Flood reconstruction on track one year on

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A year after the Queensland flood disaster, the man charged with leading the final phase of the recovery effort says reconstruction is on target and will be finished on time.

The good news comes as sombre memorial services are held across the state to reflect on the devastation caused by the once-in-a-lifetime event.

A monument marking the tenacity of the Ipswich community has been unveiled today after two commemorative services were held in the city.

Mayor Paul Pisasale says today is about acknowledging both the resilience of the community and the generosity of those who have helped.

"Twelve months ago we were inundated with the biggest natural disaster in our city's history, so we're unveiling the 'pillar of courage', which reflects not only on the strength of the community during the natural disaster, but how we came together, united with strength and resilience, to show the rest of Australia how good we are," he said.

Behind the scenes though, the mammoth task of repairing roads, bridges and railways goes on.

But only 10 per cent of the billions of dollars set aside for natural disaster recovery has been paid out.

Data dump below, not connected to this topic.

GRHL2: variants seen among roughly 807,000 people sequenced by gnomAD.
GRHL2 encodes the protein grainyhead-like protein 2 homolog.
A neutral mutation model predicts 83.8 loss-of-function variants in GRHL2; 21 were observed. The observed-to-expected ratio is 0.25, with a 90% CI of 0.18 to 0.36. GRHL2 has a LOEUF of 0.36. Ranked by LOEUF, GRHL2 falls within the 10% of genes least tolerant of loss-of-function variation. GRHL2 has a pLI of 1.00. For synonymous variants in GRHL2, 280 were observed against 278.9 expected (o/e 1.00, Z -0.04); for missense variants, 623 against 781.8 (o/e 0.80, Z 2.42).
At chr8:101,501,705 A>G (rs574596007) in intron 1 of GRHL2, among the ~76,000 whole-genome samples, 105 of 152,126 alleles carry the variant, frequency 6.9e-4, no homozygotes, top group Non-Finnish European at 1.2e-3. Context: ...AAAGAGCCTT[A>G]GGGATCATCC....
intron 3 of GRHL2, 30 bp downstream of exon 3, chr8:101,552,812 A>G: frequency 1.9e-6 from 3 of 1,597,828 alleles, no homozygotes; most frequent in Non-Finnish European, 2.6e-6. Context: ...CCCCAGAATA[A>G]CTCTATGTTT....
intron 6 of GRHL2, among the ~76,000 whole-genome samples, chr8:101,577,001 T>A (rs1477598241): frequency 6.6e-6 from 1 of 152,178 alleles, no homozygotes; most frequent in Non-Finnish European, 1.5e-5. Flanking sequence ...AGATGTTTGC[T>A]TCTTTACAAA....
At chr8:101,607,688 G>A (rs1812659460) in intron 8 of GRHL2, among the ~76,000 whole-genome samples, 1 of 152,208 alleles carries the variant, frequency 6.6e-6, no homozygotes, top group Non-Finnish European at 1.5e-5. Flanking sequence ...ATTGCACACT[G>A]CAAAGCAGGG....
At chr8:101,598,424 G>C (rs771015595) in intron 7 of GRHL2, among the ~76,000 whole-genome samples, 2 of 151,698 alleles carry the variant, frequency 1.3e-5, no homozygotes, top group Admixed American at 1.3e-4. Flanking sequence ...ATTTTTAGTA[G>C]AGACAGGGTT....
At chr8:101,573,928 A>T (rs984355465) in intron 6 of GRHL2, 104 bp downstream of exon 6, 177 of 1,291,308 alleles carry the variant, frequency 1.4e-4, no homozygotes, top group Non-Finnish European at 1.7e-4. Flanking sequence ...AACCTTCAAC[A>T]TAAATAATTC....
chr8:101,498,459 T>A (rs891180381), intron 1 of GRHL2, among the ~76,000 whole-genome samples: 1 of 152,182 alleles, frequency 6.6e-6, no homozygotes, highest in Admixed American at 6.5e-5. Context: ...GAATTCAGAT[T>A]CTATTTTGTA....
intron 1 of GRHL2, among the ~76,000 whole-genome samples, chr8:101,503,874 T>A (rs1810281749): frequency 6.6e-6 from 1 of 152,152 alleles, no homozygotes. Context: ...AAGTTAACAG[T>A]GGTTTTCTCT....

Major General Richard Wilson is leading the Queensland Reconstruction Authority, having taken over from Major General Mick Slater four months ago.

Major General Wilson says the priority now is to build momentum in 2012.

"So that means working to the schedule that's been developed by the Department of Transport and Main Roads to deal with those state and federal roads, and then importantly working with the councils across Queensland - all 73 of them - to ensure that we're delivering on their reconstruction priorities," he said.

He says the total damage bill at the moment is estimated to be about $7 billion.

"The money has been flowing, but it's not a simple process. As of now we've got $3.6 billion worth of work in the pipeline," he said.

"When I say in the pipeline, that means either completed, in market or near market.

"That to me is good progress, but there's still a long way to go, and we need to continue with the councils and the State Government agencies to build that momentum as we go into 2012."

Australian Broadcasting Corporation